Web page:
Joran Martijn, Post Doctoral Fellow
Hi! I’m a new post-doc in the lab of Andrew Roger and I officially started in August 2019. The goal of my research here is to study the evolutionary histories of the Metamonada, a group of anaerobic protists, and their mitochondria. More on that below. Other than the biological aspect of this project I’m particularly fascinated by the methods by which we can study these evolutionary histories. These include the very latest DNA sequencing technologies and the continuously evolving bioinformatics algorithms. These algorithms allow us to amongst other things assemble entire genomes de novo and reconstruct the evolutionary histories of the genes they encode. Being from the Netherlands, I did most of my undergraduate studies in Rotterdam (bachelors) and Utrecht (masters), focusing primarily on molecular and cellular biology. In 2012 I moved to Uppsala, Sweden and started my PhD studies at the -just founded- lab of Thijs Ettema, in the field of in evolutionary microbiology. I learned bioinformatics and used metagenomics and single-cell genomics to discover and reconstruct genomes from completely unexplored branches of the tree of life. In particular, we assembled genomes from many novel lineages of Alphaproteobacteria and used those to study the alphaproteobacterial ancestry of mitochondria. See https://www.the-scientist.com/daily-news/mitochondrias-bacterial-origins-upended-33345 for a popular science article describing the work. In 2017 I obtained my PhD degree and decided I would like to continue my research in the lab of Andrew Roger. I managed to get funding through the Swedish ‘VR International Postdoc’ grant and arrived in Halifax in August 2019.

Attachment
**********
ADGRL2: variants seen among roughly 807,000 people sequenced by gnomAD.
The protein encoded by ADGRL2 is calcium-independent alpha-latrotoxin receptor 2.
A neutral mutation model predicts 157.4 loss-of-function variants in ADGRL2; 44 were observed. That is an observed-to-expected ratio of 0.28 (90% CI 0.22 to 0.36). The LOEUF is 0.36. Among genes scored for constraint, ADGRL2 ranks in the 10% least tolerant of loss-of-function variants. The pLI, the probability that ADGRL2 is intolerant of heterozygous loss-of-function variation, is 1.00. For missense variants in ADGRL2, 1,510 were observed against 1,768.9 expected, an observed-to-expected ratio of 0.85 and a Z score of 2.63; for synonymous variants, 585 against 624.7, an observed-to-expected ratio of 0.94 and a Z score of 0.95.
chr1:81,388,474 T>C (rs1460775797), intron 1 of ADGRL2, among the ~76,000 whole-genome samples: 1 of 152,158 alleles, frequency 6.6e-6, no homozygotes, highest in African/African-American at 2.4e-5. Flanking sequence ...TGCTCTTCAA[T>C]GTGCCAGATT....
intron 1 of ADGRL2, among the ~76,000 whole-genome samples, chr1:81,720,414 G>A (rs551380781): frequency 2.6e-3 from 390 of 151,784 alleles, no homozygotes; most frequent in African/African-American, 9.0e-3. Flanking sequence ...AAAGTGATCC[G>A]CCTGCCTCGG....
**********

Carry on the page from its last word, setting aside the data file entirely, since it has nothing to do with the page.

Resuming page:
The Metamonada are a clade of anaerobic protists for which the exact phylogenetic position in the tree of life remains unclear. The most well known metamonads are perhaps Trichomonas vaginalis, the causative agent of sexually transmitted trichomoniasis, and Giardia intestinalis, the causative agent of gastrointestinal tract disease giardiasis. They additionally include Monocercomonoides, the very first organism discovered that has completely lost its mitochondria. Compared to typical aerobic organisms like humans, yeast and plants, the metamonads house substantially reduced mitochondria called mitochondria related organelles (MROs). They differ most notably in their mode of ATP production: whereas aerobic mitochondria execute oxidative phosphorylation, MROs often use anaerobic substrate level phosphorylation. The exact pathways differ between most metamonad species. The aim of the project is to infer the complete evolutionary history of the metamonads and identify all gene gains and losses that occurred on branches associated with important evolutionary transitions such as (i) the switch to anaerobic lifestyle, (ii) adaptation to host-associated lifestyle and (iii) reduction and complete loss of mitochondria. We do this by sequencing the complete genomes and transcriptomes of novel Metamonads with a mix of Oxford Nanopore and Illumina sequencing and compare them with the publicly available genomes and transcriptomes with the latest bioinformatics algorithms.
You can reach Joran at:
Work Phone: (+1) 902-494-2881